USDA brain drain
Sen. Roy Blunt’s guest commentary seeking to rationalize the relocation of two U.S. Department of Agriculture agencies to the Kansas City area employed questionable reasoning. (Aug. 4, 19A, “USDA is making the right move for agriculture”)
He buttresses his point by saying there are many land grant universities in the area. But the Kansas City region has no monopoly on these. There are 106 land grant universities throughout the United States.
The Missouri senator seems woefully ignorant of a major challenge facing our nation’s companies and institutions. We are in a never-ending global search for talent. Recruiting, attracting and especially retaining smart people is a constant concern for CEOs.
My partner and I started a company here that now employs 47 people. It took us three years to get funding. For this entire period, personnel from one of the affected USDA agencies and their data were essential. We didn’t care where they were; we cared that they had the years of experience to help us.
There seems to be little concern that two-thirds of the agencies’ employees have opted not to relocate. The staffers who helped us are among them.
If Apple or Google lost that much brainpower, the stock market would have something to say.
All too real
To Tucker Carlson’s contention that the threat of white supremacist domestic terror is a “hoax,” I have a two-word reply: Oklahoma City. (Aug 7, KansasCity.com, “Fox’s Carlson calls white supremacy ‘a hoax’”)
Teachers left out
The Star’s editorial about the bulldozing of a Kansas City, Kansas, middle school’s learning garden brings to mind a few examples of such practices I experienced or learned about from colleagues during my career as a teacher. (July 31, 10A, “KCK schools bulldozed this middle school science teacher’s learning garden. But why?”)
An elementary teacher returned from a science convention only to find that her school’s perennial garden had been dug up (and she had paid for it). A principal at the same school experienced having a historic, student-created mural painted over.
In a nearby district, another student-generated mural, containing the middle school’s history, was also painted over.
I discovered that the ceiling model of a million stars had been removed from my classroom during one summer break. In the classroom across the hall, a DNA ceiling model had been torn down, and in the downstairs psychology room, an original wall display was gone.
All these examples were carried out while teachers were gone, and they were never consulted. It’s especially disappointing given there are myriad ways to contact teachers.
Is it any wonder that the average teacher remains in the profession for about five years (which has been the same statistic since I began teaching 50 years ago)?
Dog owners’ fault
I strongly disagree with The Star’s Thursday editorial, “Two dogs have fallen to their deaths from KC rooftop park. Why wasn’t safety improved?” (10A) As it notes, there were signs clearly posted requiring pets to be leashed unless in the designated fenced off-leash area.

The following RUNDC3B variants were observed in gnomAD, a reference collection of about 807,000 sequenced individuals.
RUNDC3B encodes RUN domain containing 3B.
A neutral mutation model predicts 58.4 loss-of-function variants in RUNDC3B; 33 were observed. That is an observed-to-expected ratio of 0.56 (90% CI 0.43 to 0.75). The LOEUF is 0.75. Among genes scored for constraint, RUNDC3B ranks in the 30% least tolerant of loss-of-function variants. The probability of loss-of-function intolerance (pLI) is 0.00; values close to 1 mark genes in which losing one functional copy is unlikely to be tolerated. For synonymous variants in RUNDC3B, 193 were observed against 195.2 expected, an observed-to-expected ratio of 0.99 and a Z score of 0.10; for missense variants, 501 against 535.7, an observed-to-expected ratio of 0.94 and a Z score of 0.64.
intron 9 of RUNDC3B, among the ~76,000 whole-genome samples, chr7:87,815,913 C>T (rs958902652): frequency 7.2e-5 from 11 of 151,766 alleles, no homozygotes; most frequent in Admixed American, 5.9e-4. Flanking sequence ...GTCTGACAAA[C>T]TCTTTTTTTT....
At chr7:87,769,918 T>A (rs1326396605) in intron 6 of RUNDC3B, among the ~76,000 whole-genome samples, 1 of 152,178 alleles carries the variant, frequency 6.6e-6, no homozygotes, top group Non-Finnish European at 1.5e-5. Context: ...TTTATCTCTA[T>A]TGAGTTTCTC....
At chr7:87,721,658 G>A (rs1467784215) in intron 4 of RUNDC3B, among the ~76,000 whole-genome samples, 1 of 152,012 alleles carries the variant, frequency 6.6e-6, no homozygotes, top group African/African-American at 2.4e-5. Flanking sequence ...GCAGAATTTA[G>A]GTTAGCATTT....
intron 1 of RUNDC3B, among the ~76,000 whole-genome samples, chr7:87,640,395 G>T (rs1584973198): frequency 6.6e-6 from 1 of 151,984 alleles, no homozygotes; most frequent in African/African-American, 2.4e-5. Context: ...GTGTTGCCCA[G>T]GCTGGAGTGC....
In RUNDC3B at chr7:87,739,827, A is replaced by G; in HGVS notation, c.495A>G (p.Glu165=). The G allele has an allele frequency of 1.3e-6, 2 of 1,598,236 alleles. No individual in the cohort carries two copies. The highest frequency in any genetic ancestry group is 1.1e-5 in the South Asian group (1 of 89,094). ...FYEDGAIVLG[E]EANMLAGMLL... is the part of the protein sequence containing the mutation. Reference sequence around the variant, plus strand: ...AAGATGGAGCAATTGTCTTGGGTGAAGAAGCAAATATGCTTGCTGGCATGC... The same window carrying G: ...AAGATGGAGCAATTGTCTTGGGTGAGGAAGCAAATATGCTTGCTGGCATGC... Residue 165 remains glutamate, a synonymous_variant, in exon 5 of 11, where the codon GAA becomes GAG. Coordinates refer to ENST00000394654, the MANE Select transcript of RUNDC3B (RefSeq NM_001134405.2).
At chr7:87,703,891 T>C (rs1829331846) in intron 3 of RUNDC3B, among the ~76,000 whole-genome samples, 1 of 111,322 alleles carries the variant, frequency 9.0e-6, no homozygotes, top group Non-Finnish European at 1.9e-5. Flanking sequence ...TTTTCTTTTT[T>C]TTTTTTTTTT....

Moreover, a Kansas City ordinance prohibits dogs from roaming free in public spaces (which the rooftop space had become by use, even though it was not originally intended as a dog park — a different but nonetheless germane argument against your editorial’s message).
I am a pet owner, having had at least one dog for most of the last five decades. There is no excuse for any pet owner to think it is OK to allow a pet off its leash outside the fenced area — and no justification for a pet owner, or The Star, to argue that Power & Light developer Cordish Companies acted irresponsibly.
You should be ashamed. Yet again, you make the typical whining noises of sympathy for so-called “victims” whose own actions caused their distress.
Contrary to popular opinion, personal responsibility still matters.
In a major new document titled “Rejoice and be Glad, on the Call to Holiness in Today’s World,” Pope Francis delivers a pointed rebuke to Catholic and anti-abortion activists who focus on the issue to the exclusion of all others.
The pope says that helping the poor and immigrants is as important as taking a stand against abortion:
“Our defense of the innocent unborn, for example, needs to be clear, firm and passionate for at stake is the dignity of a human life, which is always sacred, and demands love for each person, regardless of his or her stage of development” he wrote. “Equally sacred, however, are the lives of the poor, those already born, the destitute, the abandoned and the underprivileged, the vulnerable infirm.”
And, he said, one cannot claim that defending the life of a migrant is a “secondary issue” compared with abortion or other bioethical questions: “That a politician looking for votes might say such a thing is understandable, but not a Christian.”
Sister Peter Parry
Sisters of Charity